Those loquacious French have an expression for the perfect, the most precise word in a given context: le mot juste. Say what you will about our friends from France, but they excel in the linguistic arts. (Also, they're not shabby when it comes to cooking, perfumery, wine and love-making.)
In the last "Hackie" column, I found what I felt was le mot juste for the title. The problem was that the perfect word is sometimes an unusual word, one that few people retain as a part of their working vocabulary. So, how perfect is it if few folks will know what it means?
I have had a running conversation with my Seven Days editors on this very subject. Essentially, my esteemed editors think that rare words - those that few readers will know - should be avoided as story-stoppers. Why jar the reader out of the flow of the narrative?
I get this point, but feel that a writer has an obligation to introduce their readers to new and tasty words and thusly expand their vocabularies. I read the New Yorker magazine weekly and always come across words with which I'm not familiar. I write them down on the spot. When I later check my dictionary, I go, "Ah-ha - that's a nice word."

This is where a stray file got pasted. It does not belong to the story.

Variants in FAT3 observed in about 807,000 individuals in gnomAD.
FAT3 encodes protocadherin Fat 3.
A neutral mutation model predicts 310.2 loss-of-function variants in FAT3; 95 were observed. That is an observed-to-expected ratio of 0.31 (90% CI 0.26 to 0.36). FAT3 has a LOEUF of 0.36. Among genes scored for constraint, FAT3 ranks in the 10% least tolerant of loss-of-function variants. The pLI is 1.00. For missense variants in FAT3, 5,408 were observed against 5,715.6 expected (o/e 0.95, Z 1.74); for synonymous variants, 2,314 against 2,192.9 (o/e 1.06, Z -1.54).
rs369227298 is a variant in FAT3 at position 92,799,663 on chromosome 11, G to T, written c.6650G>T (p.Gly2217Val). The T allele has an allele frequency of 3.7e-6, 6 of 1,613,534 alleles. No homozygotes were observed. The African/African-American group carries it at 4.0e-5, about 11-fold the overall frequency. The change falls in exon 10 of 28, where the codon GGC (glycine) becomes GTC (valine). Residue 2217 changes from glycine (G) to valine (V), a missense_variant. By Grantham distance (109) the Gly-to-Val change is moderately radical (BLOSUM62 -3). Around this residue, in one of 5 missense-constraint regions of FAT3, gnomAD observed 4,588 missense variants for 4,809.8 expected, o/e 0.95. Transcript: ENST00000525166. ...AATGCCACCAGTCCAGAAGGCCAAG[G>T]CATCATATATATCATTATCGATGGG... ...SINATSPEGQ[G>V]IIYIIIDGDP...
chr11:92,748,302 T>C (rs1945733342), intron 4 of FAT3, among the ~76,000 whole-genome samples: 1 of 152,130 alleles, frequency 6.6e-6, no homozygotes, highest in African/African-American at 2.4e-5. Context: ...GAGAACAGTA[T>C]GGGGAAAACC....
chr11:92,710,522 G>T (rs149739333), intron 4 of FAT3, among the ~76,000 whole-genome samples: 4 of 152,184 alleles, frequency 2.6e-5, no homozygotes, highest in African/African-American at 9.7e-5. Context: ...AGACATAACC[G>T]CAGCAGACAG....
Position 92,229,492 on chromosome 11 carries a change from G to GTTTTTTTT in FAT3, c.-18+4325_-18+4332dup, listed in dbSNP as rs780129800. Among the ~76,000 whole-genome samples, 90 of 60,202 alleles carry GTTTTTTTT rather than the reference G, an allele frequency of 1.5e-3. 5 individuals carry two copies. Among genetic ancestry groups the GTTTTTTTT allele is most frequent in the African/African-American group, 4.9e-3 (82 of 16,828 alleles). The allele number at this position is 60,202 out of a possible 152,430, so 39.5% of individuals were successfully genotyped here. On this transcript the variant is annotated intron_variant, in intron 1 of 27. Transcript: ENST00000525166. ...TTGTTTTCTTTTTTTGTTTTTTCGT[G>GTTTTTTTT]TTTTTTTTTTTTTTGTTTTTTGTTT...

So, this story was about a baby born on Leap Year's Day, i.e., February 29th. There is a terrific word for such a baby: a leapling. To me, it evokes the word, "yearling," and just love the sound of it. Therefore, with my editors' approval, we did use that for the title.
As a coda, when the story was posted on the paper's website - www.sevendaysvt.com - it was transposed incorrectly as "The Leaping!"
So, look before you leap.